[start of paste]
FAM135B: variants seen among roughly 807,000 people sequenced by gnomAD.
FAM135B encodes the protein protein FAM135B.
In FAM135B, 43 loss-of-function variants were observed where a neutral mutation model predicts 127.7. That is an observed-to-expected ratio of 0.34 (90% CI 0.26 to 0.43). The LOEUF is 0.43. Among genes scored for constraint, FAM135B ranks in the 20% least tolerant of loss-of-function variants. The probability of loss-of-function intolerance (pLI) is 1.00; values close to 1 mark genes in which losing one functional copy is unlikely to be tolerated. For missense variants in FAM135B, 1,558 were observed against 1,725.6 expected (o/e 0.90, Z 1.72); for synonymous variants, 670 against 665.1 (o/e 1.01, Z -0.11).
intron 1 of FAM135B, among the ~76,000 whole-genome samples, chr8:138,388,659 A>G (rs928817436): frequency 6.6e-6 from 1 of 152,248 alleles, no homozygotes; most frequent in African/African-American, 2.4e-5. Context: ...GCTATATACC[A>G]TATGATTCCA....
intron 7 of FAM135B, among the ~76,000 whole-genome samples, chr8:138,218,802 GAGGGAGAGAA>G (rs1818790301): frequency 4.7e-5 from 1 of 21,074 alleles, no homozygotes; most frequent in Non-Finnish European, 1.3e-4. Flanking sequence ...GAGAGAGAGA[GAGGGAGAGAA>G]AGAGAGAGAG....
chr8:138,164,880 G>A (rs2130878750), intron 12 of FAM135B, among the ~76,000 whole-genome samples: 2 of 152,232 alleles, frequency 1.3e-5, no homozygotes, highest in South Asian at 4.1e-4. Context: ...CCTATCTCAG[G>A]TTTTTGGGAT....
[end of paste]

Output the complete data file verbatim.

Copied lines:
FAM135B: variants seen among roughly 807,000 people sequenced by gnomAD.
FAM135B encodes the protein protein FAM135B.
In FAM135B, 43 loss-of-function variants were observed where a neutral mutation model predicts 127.7. That is an observed-to-expected ratio of 0.34 (90% CI 0.26 to 0.43). The LOEUF is 0.43. Among genes scored for constraint, FAM135B ranks in the 20% least tolerant of loss-of-function variants. The probability of loss-of-function intolerance (pLI) is 1.00; values close to 1 mark genes in which losing one functional copy is unlikely to be tolerated. For missense variants in FAM135B, 1,558 were observed against 1,725.6 expected (o/e 0.90, Z 1.72); for synonymous variants, 670 against 665.1 (o/e 1.01, Z -0.11).
intron 1 of FAM135B, among the ~76,000 whole-genome samples, chr8:138,388,659 A>G (rs928817436): frequency 6.6e-6 from 1 of 152,248 alleles, no homozygotes; most frequent in African/African-American, 2.4e-5. Context: ...GCTATATACC[A>G]TATGATTCCA....
intron 7 of FAM135B, among the ~76,000 whole-genome samples, chr8:138,218,802 GAGGGAGAGAA>G (rs1818790301): frequency 4.7e-5 from 1 of 21,074 alleles, no homozygotes; most frequent in Non-Finnish European, 1.3e-4. Flanking sequence ...GAGAGAGAGA[GAGGGAGAGAA>G]AGAGAGAGAG....
chr8:138,164,880 G>A (rs2130878750), intron 12 of FAM135B, among the ~76,000 whole-genome samples: 2 of 152,232 alleles, frequency 1.3e-5, no homozygotes, highest in South Asian at 4.1e-4. Context: ...CCTATCTCAG[G>A]TTTTTGGGAT....